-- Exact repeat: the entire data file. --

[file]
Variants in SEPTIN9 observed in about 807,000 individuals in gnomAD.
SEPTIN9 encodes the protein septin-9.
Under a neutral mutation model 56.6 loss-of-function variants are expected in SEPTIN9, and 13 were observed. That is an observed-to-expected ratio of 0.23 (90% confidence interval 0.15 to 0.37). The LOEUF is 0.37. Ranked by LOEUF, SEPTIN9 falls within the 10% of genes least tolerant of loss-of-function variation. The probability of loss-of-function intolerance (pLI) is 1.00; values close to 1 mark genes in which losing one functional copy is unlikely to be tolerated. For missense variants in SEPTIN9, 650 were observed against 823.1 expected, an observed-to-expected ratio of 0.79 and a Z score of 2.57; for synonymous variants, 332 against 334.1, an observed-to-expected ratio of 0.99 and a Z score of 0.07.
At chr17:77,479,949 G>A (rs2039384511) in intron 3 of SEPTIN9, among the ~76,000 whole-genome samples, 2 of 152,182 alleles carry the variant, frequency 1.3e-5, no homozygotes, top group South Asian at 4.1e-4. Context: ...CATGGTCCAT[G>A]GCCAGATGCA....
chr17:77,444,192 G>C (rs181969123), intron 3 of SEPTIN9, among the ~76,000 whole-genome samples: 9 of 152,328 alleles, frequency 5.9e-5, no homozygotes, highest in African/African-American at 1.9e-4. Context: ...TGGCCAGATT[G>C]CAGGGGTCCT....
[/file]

Variants in SEPTIN9 observed in about 807,000 individuals in gnomAD.
SEPTIN9 encodes the protein septin-9.
Under a neutral mutation model 56.6 loss-of-function variants are expected in SEPTIN9, and 13 were observed. That is an observed-to-expected ratio of 0.23 (90% confidence interval 0.15 to 0.37). The LOEUF is 0.37. Ranked by LOEUF, SEPTIN9 falls within the 10% of genes least tolerant of loss-of-function variation. The probability of loss-of-function intolerance (pLI) is 1.00; values close to 1 mark genes in which losing one functional copy is unlikely to be tolerated. For missense variants in SEPTIN9, 650 were observed against 823.1 expected, an observed-to-expected ratio of 0.79 and a Z score of 2.57; for synonymous variants, 332 against 334.1, an observed-to-expected ratio of 0.99 and a Z score of 0.07.
At chr17:77,479,949 G>A (rs2039384511) in intron 3 of SEPTIN9, among the ~76,000 whole-genome samples, 2 of 152,182 alleles carry the variant, frequency 1.3e-5, no homozygotes, top group South Asian at 4.1e-4. Context: ...CATGGTCCAT[G>A]GCCAGATGCA....
chr17:77,444,192 G>C (rs181969123), intron 3 of SEPTIN9, among the ~76,000 whole-genome samples: 9 of 152,328 alleles, frequency 5.9e-5, no homozygotes, highest in African/African-American at 1.9e-4. Context: ...TGGCCAGATT[G>C]CAGGGGTCCT....